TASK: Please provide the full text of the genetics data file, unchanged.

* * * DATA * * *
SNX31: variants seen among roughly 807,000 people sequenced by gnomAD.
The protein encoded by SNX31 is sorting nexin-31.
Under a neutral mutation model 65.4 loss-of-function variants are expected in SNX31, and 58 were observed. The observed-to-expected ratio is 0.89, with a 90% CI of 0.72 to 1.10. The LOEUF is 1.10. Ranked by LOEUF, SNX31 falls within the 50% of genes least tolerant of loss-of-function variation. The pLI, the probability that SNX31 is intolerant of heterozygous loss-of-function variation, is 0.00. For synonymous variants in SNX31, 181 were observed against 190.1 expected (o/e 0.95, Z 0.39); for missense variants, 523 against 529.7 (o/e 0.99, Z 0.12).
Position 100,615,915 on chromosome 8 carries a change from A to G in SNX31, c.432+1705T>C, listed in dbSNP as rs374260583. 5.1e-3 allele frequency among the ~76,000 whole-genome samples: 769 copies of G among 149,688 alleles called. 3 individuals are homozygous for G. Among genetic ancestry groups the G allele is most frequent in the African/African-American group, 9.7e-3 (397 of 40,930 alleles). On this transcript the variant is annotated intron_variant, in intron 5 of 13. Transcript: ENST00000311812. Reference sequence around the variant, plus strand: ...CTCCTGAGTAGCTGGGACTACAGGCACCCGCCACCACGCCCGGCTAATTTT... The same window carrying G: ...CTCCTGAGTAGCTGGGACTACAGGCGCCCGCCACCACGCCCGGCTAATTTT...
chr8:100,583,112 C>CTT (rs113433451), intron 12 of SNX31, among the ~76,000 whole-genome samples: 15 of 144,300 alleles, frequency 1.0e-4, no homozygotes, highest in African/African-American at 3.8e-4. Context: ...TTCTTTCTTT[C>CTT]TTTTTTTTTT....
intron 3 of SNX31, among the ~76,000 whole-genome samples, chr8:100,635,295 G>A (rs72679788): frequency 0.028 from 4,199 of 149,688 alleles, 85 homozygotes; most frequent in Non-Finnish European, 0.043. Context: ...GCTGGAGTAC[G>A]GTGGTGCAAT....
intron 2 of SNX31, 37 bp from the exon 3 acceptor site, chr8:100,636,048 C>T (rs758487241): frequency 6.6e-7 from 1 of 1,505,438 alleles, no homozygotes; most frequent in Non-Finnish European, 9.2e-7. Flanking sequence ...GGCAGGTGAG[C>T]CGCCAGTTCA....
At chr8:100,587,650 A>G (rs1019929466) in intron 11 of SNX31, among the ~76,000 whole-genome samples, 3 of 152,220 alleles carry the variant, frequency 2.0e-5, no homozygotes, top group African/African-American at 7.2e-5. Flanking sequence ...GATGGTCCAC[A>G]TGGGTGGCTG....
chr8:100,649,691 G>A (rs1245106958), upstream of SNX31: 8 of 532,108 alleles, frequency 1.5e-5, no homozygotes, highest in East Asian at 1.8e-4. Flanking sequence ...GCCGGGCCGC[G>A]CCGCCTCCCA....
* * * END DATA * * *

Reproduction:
SNX31: variants seen among roughly 807,000 people sequenced by gnomAD.
The protein encoded by SNX31 is sorting nexin-31.
Under a neutral mutation model 65.4 loss-of-function variants are expected in SNX31, and 58 were observed. The observed-to-expected ratio is 0.89, with a 90% CI of 0.72 to 1.10. The LOEUF is 1.10. Ranked by LOEUF, SNX31 falls within the 50% of genes least tolerant of loss-of-function variation. The pLI, the probability that SNX31 is intolerant of heterozygous loss-of-function variation, is 0.00. For synonymous variants in SNX31, 181 were observed against 190.1 expected (o/e 0.95, Z 0.39); for missense variants, 523 against 529.7 (o/e 0.99, Z 0.12).
Position 100,615,915 on chromosome 8 carries a change from A to G in SNX31, c.432+1705T>C, listed in dbSNP as rs374260583. 5.1e-3 allele frequency among the ~76,000 whole-genome samples: 769 copies of G among 149,688 alleles called. 3 individuals are homozygous for G. Among genetic ancestry groups the G allele is most frequent in the African/African-American group, 9.7e-3 (397 of 40,930 alleles). On this transcript the variant is annotated intron_variant, in intron 5 of 13. Transcript: ENST00000311812. Reference sequence around the variant, plus strand: ...CTCCTGAGTAGCTGGGACTACAGGCACCCGCCACCACGCCCGGCTAATTTT... The same window carrying G: ...CTCCTGAGTAGCTGGGACTACAGGCGCCCGCCACCACGCCCGGCTAATTTT...
chr8:100,583,112 C>CTT (rs113433451), intron 12 of SNX31, among the ~76,000 whole-genome samples: 15 of 144,300 alleles, frequency 1.0e-4, no homozygotes, highest in African/African-American at 3.8e-4. Context: ...TTCTTTCTTT[C>CTT]TTTTTTTTTT....
intron 3 of SNX31, among the ~76,000 whole-genome samples, chr8:100,635,295 G>A (rs72679788): frequency 0.028 from 4,199 of 149,688 alleles, 85 homozygotes; most frequent in Non-Finnish European, 0.043. Context: ...GCTGGAGTAC[G>A]GTGGTGCAAT....
intron 2 of SNX31, 37 bp from the exon 3 acceptor site, chr8:100,636,048 C>T (rs758487241): frequency 6.6e-7 from 1 of 1,505,438 alleles, no homozygotes; most frequent in Non-Finnish European, 9.2e-7. Flanking sequence ...GGCAGGTGAG[C>T]CGCCAGTTCA....
At chr8:100,587,650 A>G (rs1019929466) in intron 11 of SNX31, among the ~76,000 whole-genome samples, 3 of 152,220 alleles carry the variant, frequency 2.0e-5, no homozygotes, top group African/African-American at 7.2e-5. Flanking sequence ...GATGGTCCAC[A>G]TGGGTGGCTG....
chr8:100,649,691 G>A (rs1245106958), upstream of SNX31: 8 of 532,108 alleles, frequency 1.5e-5, no homozygotes, highest in East Asian at 1.8e-4. Flanking sequence ...GCCGGGCCGC[G>A]CCGCCTCCCA....